Gray analyzed the comparison:  

I think he can do a little more. Durrell was a true 2/3 man. BD can play the 4. He’s strong enough to hold his own on the block.

Durrell probably shoots the ball a little better. A lot of people didn’t realize that—Durrell shot the hell out of the ball. He was a natural scorer in high school. But BD can shoot the ball and he’s strong enough to go to the block—not only go down there, but be productive while he’s down there.

As for Payne, well, he's the "main guy inside" for Michigan State. Scoring 41 points and snagging eight boards during Thursday's win over Delaware proved just how much damage he can deliver—a program-best, tournament-scoring's worth of damage. 

However, there is more to the story. 


Superman is a Big Softy

Payne is mean...he's aggressive...right?! 

He's also a huge baby. Just ask Princess Lacey, his biggest fan. 

Lacey, a young cancer survivor in Michigan, has captured the heart of the 6'10," 240-pound forward. And in doing so, she's captured the heart of an entire fanbase. 

Alongside her big buddy, she's become a symbol of Spartans basketball. That bond defines Payne, says Gray. Not the points, rebounds, blocks or wins. 

Lacey says a lot about him. He’s got a big heart. That’s the kind of guy coach recruits. That’s the kind of guy coach is.

A chance meeting with Gray may have persuaded Payne to choose Michigan State. At the time of graduation, Gray ran into the then-prep star at the Clara Bell Smith Center on the university's campus.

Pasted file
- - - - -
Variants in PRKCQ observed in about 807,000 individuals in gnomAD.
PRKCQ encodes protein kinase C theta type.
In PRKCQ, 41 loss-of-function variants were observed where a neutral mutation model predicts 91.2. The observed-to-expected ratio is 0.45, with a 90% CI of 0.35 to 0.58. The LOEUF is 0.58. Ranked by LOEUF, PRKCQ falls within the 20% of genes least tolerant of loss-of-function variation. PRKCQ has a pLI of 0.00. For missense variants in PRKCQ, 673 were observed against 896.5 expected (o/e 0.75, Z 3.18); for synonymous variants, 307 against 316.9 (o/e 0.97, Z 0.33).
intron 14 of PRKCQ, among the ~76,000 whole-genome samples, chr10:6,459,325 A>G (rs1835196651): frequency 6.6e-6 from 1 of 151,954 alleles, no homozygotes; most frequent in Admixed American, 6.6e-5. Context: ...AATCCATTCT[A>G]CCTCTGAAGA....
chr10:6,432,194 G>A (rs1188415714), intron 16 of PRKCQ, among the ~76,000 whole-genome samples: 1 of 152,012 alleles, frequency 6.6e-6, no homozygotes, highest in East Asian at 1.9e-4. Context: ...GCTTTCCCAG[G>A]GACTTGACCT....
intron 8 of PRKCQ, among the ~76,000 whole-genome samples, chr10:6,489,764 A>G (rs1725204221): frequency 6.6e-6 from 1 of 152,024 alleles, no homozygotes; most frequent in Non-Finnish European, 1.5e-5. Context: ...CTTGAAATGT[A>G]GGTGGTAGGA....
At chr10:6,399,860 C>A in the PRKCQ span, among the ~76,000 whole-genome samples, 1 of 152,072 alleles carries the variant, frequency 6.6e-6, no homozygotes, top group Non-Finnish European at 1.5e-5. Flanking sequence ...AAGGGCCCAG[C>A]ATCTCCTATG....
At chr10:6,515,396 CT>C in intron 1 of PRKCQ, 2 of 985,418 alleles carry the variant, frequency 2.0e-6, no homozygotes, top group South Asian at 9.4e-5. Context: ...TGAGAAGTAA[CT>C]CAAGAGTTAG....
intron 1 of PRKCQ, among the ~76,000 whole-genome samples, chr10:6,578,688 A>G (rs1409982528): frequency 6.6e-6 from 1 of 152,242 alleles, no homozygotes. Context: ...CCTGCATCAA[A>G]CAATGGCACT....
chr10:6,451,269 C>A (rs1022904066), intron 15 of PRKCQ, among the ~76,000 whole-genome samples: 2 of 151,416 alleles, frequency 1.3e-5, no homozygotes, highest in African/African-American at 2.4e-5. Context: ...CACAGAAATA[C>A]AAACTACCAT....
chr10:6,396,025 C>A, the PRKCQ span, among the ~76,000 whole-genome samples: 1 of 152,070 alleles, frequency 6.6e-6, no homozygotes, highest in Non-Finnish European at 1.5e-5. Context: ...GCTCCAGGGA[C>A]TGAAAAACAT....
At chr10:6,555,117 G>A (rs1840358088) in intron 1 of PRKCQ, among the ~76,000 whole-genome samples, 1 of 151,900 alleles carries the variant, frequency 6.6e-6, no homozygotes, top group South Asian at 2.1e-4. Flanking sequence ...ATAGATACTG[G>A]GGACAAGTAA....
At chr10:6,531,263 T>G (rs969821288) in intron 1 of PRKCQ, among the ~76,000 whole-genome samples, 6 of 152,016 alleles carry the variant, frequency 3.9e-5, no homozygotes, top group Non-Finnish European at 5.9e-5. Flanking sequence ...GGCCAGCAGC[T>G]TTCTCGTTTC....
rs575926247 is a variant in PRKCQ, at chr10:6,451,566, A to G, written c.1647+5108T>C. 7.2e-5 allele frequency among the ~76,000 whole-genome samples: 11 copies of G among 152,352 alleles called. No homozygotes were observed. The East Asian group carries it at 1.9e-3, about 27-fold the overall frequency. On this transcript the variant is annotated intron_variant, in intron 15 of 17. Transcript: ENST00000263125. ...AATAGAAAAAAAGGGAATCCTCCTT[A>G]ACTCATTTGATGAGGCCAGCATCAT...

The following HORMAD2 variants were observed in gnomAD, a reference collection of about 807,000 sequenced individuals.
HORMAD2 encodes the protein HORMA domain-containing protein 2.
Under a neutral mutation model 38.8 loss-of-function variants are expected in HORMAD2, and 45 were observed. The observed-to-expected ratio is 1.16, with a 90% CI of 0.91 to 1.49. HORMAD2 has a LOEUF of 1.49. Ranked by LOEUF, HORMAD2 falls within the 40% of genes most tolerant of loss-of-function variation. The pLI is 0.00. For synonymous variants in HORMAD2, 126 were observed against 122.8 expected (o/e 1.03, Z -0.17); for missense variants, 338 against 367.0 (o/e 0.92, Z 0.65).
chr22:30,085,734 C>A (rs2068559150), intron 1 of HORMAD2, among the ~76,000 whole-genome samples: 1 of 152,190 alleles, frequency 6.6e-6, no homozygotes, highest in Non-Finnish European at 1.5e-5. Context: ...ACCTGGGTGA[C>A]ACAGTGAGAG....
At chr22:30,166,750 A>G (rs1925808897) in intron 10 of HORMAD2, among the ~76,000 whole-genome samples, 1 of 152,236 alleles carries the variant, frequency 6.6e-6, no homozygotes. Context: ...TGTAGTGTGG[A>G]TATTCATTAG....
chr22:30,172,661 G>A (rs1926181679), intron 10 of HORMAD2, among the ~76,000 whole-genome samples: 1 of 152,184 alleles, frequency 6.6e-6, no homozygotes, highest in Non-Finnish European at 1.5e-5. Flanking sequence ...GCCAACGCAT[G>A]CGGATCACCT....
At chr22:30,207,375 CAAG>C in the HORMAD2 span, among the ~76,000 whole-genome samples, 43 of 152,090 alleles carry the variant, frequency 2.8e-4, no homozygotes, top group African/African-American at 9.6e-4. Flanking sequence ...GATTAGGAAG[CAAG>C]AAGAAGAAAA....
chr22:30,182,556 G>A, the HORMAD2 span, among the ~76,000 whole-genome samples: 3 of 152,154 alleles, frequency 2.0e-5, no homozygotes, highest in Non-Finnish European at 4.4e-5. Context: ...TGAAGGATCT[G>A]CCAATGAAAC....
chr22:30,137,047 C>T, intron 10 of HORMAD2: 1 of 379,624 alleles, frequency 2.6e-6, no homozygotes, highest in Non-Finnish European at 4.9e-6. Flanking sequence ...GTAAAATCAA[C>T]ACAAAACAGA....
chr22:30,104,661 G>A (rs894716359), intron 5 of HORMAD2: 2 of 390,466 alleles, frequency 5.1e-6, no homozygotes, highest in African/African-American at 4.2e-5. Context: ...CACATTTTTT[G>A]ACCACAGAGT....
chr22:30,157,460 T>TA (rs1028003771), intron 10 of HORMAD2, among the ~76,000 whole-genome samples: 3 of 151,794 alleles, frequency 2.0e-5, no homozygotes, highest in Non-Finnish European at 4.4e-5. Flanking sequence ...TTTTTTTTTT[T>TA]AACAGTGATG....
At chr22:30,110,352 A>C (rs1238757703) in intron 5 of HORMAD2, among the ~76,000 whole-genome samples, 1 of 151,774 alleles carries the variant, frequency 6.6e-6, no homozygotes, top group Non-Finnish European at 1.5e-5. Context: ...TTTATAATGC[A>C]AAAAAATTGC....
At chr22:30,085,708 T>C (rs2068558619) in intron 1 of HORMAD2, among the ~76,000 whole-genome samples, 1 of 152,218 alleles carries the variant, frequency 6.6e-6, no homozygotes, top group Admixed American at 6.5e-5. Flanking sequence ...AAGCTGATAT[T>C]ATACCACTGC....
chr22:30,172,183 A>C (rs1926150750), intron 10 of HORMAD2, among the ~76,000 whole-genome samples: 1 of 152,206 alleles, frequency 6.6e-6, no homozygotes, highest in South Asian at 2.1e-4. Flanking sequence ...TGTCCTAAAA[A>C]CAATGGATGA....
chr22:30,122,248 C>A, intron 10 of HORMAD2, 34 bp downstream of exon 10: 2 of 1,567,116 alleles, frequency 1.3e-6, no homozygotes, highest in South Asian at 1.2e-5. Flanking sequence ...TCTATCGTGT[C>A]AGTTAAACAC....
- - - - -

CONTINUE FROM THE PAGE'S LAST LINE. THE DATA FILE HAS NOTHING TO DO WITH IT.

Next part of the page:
I recruited Adreian. The day of [my] graduation was one of the days he came up to visit.

I asked him if he wanted to be pushed harder than he's ever been pushed before, and told him that [MSU] is the place for you. You’ll have relationships that will last for a lifetime, tons of fun and you’ll win—if that’s what you want, [MSU] is for you.

He asked, 'What made you come?' I told him it was the relationship I had with coach [Izzo].

As one of the nation's elite high schoolers, Payne carried a reputation that nearly overshadowed his towering height. It took a few years for him to develop, but he's now living up to his previous 5-star billing. 

Becoming a program great was simply a matter of time for Payne, says Gray: 

I thought he was a kid who had all the potential in the world. It’s happening how it was supposed to happen for him. He’s doing what he’s supposed to do.

I've been watching him.

Stories such as Payne's melt the hearts of even the largest men, even guys such as Gray, who's known for his mean streak on the court but has a much softer side away from the game. 


Izzo is Nuts

Don't adjust your screen. You've correctly read the subhead. 

Of course it was meant to catch eyes. But it's only one side of the tale. 

Yes, countless hours of war drills, pads, helmets and Izzoisms can take their toll.

But it's a good toll.

Without the trademark crazy from Izzo, Gray wouldn't be in his current position, nor would others who've moved on to higher levels of basketball. 

ESPN's Sport Science recently ran a special on the 19-year veteran head coach, who is known for blowing a gasket or two on the sideline. The tests revealed that Izzo's heart rate stands up to those of NASCAR drivers flying around tracks at nearly 200 mph. 

But, strangely, his heart is in great shape for a 59-year-old. 

Truth is, coach is always stressed.


His passion is what makes you love him and it’s what make you hate him, too. He recruits guys who he thinks are like him—guys who care about people more than they do themselves.

I remember him being there in practices until midnight.

Gray's words echo similar statements from former players. Izzo's teachings, some of which are harsher than others, stick with his players forever. 

His days of playing ball for Izzo are done but not forgotten. 

"I love coach and Michigan State," Gray said. "When I get to heaven, my wings better be green and white."


Follow Bleacher Report Michigan State Spartans basketball writer Adam Biggers on Twitter @AdamBiggers81